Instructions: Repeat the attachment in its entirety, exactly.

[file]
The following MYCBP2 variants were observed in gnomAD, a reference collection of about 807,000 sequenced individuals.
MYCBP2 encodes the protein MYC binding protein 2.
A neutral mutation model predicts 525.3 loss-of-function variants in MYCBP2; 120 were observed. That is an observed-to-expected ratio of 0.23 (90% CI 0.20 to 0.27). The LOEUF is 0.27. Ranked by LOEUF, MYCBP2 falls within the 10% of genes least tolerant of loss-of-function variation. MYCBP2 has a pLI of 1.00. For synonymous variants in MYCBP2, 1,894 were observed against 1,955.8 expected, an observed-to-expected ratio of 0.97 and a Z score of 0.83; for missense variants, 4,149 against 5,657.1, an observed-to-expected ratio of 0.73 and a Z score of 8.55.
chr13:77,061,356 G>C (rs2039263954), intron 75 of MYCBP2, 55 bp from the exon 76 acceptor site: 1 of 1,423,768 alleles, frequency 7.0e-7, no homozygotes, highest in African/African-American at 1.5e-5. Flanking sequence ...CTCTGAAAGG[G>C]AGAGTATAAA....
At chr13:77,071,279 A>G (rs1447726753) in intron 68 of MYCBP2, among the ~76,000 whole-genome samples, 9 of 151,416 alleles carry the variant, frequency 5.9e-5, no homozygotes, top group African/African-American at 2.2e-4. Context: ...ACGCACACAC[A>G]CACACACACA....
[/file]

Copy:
The following MYCBP2 variants were observed in gnomAD, a reference collection of about 807,000 sequenced individuals.
MYCBP2 encodes the protein MYC binding protein 2.
A neutral mutation model predicts 525.3 loss-of-function variants in MYCBP2; 120 were observed. That is an observed-to-expected ratio of 0.23 (90% CI 0.20 to 0.27). The LOEUF is 0.27. Ranked by LOEUF, MYCBP2 falls within the 10% of genes least tolerant of loss-of-function variation. MYCBP2 has a pLI of 1.00. For synonymous variants in MYCBP2, 1,894 were observed against 1,955.8 expected, an observed-to-expected ratio of 0.97 and a Z score of 0.83; for missense variants, 4,149 against 5,657.1, an observed-to-expected ratio of 0.73 and a Z score of 8.55.
chr13:77,061,356 G>C (rs2039263954), intron 75 of MYCBP2, 55 bp from the exon 76 acceptor site: 1 of 1,423,768 alleles, frequency 7.0e-7, no homozygotes, highest in African/African-American at 1.5e-5. Flanking sequence ...CTCTGAAAGG[G>C]AGAGTATAAA....
At chr13:77,071,279 A>G (rs1447726753) in intron 68 of MYCBP2, among the ~76,000 whole-genome samples, 9 of 151,416 alleles carry the variant, frequency 5.9e-5, no homozygotes, top group African/African-American at 2.2e-4. Context: ...ACGCACACAC[A>G]CACACACACA....